Being made partner at a Big Four accountant was once seen as a golden ticket but the honour is being undercut by rampant title inflation, with rival firms offering status instead of hard cash in a war for talent.
EY on Monday became the latest firm to promote thousands of its employees to “partner” without offering them a share of profits, a further dilution of a role once seen as the financial pinnacle of the profession.
“It’s difficult to stop title inflation as [it is] quite a powerful recruitment tool and cheaper than paying properly,” said one salaried partner whose job title has been upgraded at EY.
The “partner” title was traditionally preserved for the senior practitioners who owned and ran accounting firms and shared in the annual profits.
The rank of associate or non-equity partners — senior employees who are paid a salary plus bonus but who do not own the business or share in its profits — has become more widespread in recent years as firms try to incentivise staff to stay without diluting the profit pool shared by equity partners.
The change of titles at EY will affect about 1,800 staff in Europe, the Middle East and India with an unspecified number in other parts of the world. It will not apply in the US or in countries where there are regulatory restrictions on who may be called a “partner”, said a person briefed on the move.
In the UK, EY said it was “elevating” its 679 associate partners’ job titles and would call them “partners” from now on. But they will still earn less than the 844 equity partners who own the UK business and are paid a share of its profits — an average of £749,000 for the year to June 2021.
A person briefed on the title upgrade denied it was misleading because associate partners were “very experienced professionals”. They added that the new job title would help associate partners to win business.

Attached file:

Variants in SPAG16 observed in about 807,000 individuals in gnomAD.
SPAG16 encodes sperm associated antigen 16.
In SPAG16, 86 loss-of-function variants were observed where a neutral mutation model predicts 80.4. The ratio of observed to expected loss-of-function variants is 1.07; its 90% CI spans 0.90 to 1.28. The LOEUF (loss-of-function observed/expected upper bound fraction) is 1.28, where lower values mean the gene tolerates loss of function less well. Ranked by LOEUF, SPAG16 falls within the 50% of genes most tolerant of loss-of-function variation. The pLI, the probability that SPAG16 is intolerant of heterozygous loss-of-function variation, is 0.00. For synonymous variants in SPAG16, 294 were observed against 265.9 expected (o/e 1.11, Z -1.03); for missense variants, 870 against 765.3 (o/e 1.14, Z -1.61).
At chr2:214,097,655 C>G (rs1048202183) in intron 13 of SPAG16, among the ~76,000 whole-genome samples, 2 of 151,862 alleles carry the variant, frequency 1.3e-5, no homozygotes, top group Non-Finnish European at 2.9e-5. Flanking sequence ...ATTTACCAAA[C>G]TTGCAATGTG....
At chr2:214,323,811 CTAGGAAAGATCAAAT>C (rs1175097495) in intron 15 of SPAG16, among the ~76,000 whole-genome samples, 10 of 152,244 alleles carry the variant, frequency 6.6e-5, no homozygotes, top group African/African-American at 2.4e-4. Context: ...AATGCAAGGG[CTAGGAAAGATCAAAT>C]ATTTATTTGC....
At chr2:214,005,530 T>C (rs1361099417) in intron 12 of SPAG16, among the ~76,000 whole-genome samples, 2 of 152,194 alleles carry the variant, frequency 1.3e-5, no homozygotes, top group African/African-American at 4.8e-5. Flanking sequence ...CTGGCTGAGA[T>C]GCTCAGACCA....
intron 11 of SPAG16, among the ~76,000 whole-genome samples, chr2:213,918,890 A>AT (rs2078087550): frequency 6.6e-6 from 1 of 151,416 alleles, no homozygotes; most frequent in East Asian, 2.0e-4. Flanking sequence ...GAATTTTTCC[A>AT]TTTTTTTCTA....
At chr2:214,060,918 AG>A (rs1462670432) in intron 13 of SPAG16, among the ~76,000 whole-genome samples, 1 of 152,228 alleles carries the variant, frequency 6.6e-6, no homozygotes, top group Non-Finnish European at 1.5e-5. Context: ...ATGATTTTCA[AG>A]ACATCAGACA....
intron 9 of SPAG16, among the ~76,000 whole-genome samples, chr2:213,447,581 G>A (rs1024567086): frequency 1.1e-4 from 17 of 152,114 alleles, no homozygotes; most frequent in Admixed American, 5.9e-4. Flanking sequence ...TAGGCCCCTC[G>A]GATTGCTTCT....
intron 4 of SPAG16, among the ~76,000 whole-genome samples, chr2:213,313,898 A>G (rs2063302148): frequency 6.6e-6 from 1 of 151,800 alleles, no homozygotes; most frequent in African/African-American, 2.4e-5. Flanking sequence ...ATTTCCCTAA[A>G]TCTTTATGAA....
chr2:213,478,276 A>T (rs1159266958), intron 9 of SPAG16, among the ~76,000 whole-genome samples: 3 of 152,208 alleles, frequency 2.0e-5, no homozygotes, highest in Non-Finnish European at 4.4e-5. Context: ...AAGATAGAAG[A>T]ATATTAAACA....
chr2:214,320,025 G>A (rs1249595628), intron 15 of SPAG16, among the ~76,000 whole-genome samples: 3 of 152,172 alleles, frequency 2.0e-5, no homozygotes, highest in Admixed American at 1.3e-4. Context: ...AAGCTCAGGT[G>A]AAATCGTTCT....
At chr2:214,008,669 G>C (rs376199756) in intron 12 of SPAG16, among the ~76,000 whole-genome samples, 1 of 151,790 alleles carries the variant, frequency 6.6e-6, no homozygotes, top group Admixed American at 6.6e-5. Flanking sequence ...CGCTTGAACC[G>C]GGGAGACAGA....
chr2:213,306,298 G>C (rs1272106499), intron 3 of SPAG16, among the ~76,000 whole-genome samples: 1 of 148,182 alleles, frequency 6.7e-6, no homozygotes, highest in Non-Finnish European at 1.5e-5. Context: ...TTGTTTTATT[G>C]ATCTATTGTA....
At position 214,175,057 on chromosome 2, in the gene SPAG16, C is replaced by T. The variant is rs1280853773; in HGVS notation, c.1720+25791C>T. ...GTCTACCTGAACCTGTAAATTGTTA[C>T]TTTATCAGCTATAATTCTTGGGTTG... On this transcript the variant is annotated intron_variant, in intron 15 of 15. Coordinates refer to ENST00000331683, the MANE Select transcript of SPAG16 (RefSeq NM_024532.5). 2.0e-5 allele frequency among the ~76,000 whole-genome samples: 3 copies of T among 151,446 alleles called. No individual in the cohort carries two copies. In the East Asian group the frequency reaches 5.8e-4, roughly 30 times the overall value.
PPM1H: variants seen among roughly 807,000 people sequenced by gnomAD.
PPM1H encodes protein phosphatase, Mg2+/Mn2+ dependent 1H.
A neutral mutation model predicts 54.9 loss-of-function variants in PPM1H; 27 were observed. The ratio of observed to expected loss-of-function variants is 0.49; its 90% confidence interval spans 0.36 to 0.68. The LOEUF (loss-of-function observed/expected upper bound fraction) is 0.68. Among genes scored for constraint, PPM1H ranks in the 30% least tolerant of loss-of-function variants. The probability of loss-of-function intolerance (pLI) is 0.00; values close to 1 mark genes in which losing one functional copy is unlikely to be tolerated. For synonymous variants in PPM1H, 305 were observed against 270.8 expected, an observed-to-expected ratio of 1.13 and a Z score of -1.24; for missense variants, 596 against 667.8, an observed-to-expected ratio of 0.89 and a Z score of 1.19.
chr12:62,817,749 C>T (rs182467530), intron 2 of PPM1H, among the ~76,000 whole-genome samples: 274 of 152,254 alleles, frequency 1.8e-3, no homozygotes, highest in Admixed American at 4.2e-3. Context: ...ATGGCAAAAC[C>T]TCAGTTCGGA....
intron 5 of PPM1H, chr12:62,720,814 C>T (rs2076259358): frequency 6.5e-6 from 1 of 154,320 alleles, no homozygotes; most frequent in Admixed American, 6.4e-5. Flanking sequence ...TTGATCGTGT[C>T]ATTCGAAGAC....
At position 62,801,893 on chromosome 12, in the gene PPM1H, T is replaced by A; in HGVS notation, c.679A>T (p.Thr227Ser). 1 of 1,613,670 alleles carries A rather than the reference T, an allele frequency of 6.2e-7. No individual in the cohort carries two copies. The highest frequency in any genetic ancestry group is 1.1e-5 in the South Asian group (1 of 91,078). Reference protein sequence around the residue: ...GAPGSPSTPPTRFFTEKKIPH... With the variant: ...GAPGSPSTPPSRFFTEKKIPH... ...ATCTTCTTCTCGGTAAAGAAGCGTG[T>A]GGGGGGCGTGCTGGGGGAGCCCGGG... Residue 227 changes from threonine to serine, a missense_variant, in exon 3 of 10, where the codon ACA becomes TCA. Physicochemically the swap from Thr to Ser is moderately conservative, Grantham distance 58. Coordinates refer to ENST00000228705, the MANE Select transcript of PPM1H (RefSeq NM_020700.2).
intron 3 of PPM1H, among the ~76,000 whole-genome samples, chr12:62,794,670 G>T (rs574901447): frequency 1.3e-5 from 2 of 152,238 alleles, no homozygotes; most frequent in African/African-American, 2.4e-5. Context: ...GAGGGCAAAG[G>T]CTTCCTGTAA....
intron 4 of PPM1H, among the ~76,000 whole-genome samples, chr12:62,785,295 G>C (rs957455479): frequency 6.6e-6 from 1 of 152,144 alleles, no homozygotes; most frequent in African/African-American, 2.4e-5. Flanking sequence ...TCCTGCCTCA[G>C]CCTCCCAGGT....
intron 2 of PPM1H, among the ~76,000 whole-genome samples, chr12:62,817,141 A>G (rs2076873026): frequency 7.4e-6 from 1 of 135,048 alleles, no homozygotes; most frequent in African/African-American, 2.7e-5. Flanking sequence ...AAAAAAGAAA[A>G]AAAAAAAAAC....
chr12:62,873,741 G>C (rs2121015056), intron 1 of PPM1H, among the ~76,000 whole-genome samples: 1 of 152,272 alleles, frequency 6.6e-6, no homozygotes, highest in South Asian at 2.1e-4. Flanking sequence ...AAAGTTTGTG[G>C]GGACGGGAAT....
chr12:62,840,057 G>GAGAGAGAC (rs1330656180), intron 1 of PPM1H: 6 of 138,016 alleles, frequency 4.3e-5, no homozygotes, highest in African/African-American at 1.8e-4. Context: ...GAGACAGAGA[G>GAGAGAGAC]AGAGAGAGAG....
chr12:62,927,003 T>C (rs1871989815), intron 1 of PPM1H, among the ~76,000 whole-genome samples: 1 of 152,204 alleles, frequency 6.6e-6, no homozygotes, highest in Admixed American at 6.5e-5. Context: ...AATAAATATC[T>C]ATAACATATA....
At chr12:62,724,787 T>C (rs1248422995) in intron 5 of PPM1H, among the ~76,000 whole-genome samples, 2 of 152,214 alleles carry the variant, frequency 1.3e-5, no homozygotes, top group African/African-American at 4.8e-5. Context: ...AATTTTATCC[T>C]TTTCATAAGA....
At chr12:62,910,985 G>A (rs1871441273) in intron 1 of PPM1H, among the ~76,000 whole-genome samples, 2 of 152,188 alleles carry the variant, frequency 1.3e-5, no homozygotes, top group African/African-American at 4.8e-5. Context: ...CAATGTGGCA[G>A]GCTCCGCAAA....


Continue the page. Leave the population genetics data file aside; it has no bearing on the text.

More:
Their pay and conditions will not be affected by their change in title, said people at EY. A partner at a rival firm said EY’s move looked like an attempt to stop salaried partners from being “picked off” by competitors.
Deloitte and KPMG already call their most senior UK employees partners without giving them a share of profits. Elite law firms such as Kirkland & Ellis also use salaried “partner” positions to attract and retain staff without diluting the share of profits received by equity partners
The EY move comes as its equity partners prepare for potential multimillion-dollar windfalls, with the firm’s leadership exploring a once-in-a-generation split of its audit and advisory practices. The separation could raise billions of dollars from outside investors.
Professional services firms have struggled to find enough resources to meet demand as clients seek advice on M&A and post-pandemic business and technology overhauls.
EY said the title changes would “create career opportunities for EY’s people”. The firm is not due to announce annual pay increases for UK staff until October but a person with knowledge of its plans said PwC’s recent decision to increase salaries by at least 9 per cent for the majority of staff in the UK had “set the market”. “We definitely want to be competitive in the market,” the person said.
EY said on Monday it had promoted 75 staff to equity partner and hired another 45 partners externally in a record round of appointments in the UK.